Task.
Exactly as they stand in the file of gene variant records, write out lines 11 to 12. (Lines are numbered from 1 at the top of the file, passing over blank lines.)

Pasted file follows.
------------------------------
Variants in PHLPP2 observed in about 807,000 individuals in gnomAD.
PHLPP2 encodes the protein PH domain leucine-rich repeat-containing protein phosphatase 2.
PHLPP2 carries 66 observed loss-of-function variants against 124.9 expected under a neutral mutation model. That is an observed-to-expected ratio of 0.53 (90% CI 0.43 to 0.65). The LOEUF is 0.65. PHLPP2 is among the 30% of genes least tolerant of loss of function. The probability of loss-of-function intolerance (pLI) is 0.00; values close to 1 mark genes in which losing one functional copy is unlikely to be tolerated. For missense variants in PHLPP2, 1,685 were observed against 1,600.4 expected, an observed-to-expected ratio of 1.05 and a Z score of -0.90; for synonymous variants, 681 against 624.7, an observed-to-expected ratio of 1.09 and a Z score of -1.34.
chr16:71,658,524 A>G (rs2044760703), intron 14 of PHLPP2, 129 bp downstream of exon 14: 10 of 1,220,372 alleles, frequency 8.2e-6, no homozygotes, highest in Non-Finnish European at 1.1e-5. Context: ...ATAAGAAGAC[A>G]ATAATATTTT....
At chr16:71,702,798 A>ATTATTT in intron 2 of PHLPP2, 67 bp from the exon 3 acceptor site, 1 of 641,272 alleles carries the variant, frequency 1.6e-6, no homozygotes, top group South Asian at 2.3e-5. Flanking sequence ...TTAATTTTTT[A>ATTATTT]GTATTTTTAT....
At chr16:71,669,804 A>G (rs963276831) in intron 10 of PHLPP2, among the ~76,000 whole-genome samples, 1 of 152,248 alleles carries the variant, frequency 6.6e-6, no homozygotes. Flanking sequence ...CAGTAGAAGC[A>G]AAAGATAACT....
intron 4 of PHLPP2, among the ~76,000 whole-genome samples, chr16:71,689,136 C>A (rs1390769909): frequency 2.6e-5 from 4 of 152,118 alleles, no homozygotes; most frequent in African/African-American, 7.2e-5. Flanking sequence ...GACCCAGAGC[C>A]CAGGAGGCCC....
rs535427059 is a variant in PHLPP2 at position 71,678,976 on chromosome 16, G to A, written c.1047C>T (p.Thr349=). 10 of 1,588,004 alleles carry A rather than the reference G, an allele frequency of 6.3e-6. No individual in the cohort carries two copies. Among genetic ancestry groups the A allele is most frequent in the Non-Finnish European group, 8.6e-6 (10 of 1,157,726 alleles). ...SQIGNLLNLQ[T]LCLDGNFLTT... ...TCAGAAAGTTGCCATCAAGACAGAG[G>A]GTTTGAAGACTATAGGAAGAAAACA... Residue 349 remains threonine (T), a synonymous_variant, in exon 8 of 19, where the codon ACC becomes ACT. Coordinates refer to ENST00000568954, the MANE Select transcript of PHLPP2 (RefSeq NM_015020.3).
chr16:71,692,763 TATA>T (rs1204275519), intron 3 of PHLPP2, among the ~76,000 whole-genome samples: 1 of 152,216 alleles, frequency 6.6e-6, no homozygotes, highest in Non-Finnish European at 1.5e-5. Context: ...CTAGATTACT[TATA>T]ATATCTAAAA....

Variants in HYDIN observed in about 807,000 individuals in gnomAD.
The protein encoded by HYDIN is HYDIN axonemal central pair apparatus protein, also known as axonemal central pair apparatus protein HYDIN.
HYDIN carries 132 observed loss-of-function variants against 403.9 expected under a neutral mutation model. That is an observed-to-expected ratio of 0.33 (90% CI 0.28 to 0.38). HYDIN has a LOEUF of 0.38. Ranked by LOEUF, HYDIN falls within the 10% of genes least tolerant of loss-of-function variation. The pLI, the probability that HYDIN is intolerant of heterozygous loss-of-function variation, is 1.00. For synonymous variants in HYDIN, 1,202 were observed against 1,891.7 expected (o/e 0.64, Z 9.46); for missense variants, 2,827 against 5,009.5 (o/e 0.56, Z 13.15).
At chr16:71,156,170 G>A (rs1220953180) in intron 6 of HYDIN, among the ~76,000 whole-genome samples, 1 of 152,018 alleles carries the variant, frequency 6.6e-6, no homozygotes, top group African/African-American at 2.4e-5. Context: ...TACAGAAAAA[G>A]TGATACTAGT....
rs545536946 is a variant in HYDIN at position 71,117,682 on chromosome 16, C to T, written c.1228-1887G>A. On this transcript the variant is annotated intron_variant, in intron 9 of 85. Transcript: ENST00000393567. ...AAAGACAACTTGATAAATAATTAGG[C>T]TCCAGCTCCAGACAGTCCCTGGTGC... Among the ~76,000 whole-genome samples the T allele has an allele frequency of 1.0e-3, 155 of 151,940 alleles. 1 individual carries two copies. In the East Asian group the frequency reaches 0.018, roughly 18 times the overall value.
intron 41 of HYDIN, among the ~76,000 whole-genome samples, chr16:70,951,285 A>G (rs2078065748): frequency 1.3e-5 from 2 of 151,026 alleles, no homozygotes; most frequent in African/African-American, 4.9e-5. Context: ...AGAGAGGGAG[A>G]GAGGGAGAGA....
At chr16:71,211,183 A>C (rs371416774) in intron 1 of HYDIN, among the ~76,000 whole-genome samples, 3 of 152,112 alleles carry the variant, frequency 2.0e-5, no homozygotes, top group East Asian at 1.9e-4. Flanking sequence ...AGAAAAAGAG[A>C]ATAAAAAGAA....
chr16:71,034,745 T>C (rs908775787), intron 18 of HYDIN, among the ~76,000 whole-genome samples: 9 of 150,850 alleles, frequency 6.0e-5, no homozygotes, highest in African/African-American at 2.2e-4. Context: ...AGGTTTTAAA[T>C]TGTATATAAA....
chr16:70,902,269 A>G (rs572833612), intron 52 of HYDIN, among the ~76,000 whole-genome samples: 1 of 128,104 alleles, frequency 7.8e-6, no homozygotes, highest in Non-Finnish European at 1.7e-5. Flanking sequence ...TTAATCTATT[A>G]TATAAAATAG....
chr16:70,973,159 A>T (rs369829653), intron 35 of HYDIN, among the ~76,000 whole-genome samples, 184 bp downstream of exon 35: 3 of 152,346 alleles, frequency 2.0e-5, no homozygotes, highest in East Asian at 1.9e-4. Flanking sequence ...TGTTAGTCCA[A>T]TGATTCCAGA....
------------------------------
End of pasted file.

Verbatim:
The protein encoded by HYDIN is HYDIN axonemal central pair apparatus protein, also known as axonemal central pair apparatus protein HYDIN.
HYDIN carries 132 observed loss-of-function variants against 403.9 expected under a neutral mutation model. That is an observed-to-expected ratio of 0.33 (90% CI 0.28 to 0.38). HYDIN has a LOEUF of 0.38. Ranked by LOEUF, HYDIN falls within the 10% of genes least tolerant of loss-of-function variation. The pLI, the probability that HYDIN is intolerant of heterozygous loss-of-function variation, is 1.00. For synonymous variants in HYDIN, 1,202 were observed against 1,891.7 expected (o/e 0.64, Z 9.46); for missense variants, 2,827 against 5,009.5 (o/e 0.56, Z 13.15).